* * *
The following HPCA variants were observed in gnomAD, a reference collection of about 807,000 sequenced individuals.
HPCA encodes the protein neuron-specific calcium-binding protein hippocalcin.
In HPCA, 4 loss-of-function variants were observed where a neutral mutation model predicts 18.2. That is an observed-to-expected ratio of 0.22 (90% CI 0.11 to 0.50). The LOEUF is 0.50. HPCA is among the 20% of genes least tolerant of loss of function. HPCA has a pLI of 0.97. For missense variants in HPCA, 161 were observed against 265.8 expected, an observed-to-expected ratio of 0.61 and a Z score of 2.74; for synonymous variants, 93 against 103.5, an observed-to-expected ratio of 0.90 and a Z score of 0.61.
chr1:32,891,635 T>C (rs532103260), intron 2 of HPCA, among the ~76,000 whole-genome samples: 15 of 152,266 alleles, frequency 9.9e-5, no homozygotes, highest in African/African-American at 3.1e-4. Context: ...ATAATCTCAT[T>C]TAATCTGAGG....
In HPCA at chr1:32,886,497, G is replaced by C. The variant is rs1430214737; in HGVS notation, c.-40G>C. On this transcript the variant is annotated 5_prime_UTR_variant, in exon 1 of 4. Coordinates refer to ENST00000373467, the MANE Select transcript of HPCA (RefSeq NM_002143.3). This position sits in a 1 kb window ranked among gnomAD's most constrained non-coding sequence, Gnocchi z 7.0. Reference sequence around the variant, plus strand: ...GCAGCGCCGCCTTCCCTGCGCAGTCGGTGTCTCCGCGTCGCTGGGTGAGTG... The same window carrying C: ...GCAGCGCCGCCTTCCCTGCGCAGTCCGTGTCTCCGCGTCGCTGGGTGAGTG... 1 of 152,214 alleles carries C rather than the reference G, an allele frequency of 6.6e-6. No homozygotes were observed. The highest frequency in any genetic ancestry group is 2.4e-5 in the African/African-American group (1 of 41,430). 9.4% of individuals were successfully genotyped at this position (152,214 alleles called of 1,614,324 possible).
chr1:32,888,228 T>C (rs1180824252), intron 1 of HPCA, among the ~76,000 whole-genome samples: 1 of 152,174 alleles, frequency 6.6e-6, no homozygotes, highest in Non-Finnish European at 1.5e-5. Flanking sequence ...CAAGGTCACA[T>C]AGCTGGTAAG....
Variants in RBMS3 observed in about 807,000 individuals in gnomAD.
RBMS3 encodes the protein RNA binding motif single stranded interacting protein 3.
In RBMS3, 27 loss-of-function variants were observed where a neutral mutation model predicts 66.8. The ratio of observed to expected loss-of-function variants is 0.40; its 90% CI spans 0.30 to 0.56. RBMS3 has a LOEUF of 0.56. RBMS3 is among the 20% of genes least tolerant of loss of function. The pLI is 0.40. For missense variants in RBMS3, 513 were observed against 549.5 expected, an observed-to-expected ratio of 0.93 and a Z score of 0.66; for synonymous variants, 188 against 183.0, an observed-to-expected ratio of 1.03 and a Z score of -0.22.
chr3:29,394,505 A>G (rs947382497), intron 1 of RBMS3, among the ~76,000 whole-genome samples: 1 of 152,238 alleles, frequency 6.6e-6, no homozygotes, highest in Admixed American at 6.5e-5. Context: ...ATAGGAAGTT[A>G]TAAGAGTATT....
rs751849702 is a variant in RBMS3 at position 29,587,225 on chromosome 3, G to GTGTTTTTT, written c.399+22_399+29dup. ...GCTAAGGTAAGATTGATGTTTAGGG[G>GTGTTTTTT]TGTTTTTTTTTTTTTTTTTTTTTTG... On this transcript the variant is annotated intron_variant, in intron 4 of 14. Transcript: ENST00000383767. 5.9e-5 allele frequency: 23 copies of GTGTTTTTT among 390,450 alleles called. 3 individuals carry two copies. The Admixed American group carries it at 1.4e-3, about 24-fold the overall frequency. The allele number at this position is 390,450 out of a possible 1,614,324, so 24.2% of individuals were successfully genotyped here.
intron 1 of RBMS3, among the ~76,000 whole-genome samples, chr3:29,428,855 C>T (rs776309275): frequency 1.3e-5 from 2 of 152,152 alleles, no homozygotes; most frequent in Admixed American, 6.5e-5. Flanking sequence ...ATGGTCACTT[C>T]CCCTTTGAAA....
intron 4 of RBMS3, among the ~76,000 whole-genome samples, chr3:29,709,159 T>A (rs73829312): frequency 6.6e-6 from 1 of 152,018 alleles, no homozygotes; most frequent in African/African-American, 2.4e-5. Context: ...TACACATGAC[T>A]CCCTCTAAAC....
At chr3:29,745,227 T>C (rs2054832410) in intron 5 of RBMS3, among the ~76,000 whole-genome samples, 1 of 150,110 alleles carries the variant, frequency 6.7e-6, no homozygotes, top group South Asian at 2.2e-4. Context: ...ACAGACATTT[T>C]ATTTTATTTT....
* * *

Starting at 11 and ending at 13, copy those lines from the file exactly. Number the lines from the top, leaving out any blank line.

rs751849702 is a variant in RBMS3 at position 29,587,225 on chromosome 3, G to GTGTTTTTT, written c.399+22_399+29dup. ...GCTAAGGTAAGATTGATGTTTAGGG[G>GTGTTTTTT]TGTTTTTTTTTTTTTTTTTTTTTTG... On this transcript the variant is annotated intron_variant, in intron 4 of 14. Transcript: ENST00000383767. 5.9e-5 allele frequency: 23 copies of GTGTTTTTT among 390,450 alleles called. 3 individuals carry two copies. The Admixed American group carries it at 1.4e-3, about 24-fold the overall frequency. The allele number at this position is 390,450 out of a possible 1,614,324, so 24.2% of individuals were successfully genotyped here.
intron 1 of RBMS3, among the ~76,000 whole-genome samples, chr3:29,428,855 C>T (rs776309275): frequency 1.3e-5 from 2 of 152,152 alleles, no homozygotes; most frequent in Admixed American, 6.5e-5. Flanking sequence ...ATGGTCACTT[C>T]CCCTTTGAAA....
intron 4 of RBMS3, among the ~76,000 whole-genome samples, chr3:29,709,159 T>A (rs73829312): frequency 6.6e-6 from 1 of 152,018 alleles, no homozygotes; most frequent in African/African-American, 2.4e-5. Context: ...TACACATGAC[T>A]CCCTCTAAAC....